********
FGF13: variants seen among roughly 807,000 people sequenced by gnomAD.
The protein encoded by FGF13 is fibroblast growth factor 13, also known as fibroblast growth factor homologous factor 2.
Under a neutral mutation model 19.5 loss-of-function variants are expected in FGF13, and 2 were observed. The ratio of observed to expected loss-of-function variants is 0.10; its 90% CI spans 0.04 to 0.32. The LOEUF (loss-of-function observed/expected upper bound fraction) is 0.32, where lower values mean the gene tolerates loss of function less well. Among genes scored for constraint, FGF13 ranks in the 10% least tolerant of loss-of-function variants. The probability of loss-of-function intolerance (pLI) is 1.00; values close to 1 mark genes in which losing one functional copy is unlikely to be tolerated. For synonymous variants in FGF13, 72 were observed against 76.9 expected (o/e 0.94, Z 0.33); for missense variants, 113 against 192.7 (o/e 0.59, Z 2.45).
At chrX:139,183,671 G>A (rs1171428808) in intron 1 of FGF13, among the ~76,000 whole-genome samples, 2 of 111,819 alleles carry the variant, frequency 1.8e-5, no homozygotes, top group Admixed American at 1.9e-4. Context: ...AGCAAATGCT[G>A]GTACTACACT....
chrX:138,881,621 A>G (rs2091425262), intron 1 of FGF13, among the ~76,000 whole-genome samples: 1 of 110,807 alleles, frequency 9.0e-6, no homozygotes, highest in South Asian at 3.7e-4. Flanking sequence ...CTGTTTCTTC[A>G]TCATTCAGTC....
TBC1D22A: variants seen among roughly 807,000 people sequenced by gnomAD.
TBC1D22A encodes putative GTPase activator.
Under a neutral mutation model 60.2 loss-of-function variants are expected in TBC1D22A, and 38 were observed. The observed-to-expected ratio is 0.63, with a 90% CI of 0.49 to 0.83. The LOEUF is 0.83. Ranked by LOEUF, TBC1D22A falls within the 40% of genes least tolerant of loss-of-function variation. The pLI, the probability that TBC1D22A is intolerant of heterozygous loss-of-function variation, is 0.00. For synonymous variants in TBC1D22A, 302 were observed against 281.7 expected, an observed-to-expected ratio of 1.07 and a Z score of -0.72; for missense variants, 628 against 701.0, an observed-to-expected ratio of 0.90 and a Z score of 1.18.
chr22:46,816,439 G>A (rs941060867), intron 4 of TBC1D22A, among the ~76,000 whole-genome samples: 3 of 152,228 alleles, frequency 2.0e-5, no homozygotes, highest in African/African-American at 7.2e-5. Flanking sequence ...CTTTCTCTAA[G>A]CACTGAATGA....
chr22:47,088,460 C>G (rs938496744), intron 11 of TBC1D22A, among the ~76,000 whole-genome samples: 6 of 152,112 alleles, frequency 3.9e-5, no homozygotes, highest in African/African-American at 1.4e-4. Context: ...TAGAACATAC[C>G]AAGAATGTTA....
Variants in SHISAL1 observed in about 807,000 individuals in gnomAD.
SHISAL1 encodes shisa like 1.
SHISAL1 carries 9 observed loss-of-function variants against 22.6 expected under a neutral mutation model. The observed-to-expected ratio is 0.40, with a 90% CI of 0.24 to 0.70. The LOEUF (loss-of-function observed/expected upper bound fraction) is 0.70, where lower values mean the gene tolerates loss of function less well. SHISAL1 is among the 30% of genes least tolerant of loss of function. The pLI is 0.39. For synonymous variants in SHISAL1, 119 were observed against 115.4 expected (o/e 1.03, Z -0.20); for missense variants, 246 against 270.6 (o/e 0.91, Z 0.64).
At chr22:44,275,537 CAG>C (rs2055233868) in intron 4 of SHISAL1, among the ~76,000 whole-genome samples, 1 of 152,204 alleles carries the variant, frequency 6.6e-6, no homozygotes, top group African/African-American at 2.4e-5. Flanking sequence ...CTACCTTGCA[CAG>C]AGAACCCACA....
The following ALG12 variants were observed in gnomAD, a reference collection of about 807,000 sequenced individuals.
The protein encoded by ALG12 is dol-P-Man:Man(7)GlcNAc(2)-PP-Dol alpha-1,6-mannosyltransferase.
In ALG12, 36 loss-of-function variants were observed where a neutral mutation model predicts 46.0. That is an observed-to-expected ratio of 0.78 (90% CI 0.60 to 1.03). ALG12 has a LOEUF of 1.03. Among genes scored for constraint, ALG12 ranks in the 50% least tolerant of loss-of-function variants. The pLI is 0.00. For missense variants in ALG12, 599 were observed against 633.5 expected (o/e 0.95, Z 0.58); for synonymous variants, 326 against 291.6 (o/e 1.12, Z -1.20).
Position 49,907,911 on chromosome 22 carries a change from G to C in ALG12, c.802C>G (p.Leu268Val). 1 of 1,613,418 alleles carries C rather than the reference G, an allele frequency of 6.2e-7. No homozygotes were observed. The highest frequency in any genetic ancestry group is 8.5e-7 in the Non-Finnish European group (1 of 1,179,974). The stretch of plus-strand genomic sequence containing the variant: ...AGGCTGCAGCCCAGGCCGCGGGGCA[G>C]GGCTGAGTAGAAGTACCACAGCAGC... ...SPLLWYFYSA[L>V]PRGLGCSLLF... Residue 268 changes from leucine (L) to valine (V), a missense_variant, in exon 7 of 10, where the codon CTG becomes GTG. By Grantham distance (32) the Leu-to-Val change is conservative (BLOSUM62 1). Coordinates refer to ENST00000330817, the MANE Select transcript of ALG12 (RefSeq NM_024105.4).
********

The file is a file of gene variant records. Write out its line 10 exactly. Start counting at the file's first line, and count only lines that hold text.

chr22:47,088,460 C>G (rs938496744), intron 11 of TBC1D22A, among the ~76,000 whole-genome samples: 6 of 152,112 alleles, frequency 3.9e-5, no homozygotes, highest in African/African-American at 1.4e-4. Context: ...TAGAACATAC[C>G]AAGAATGTTA....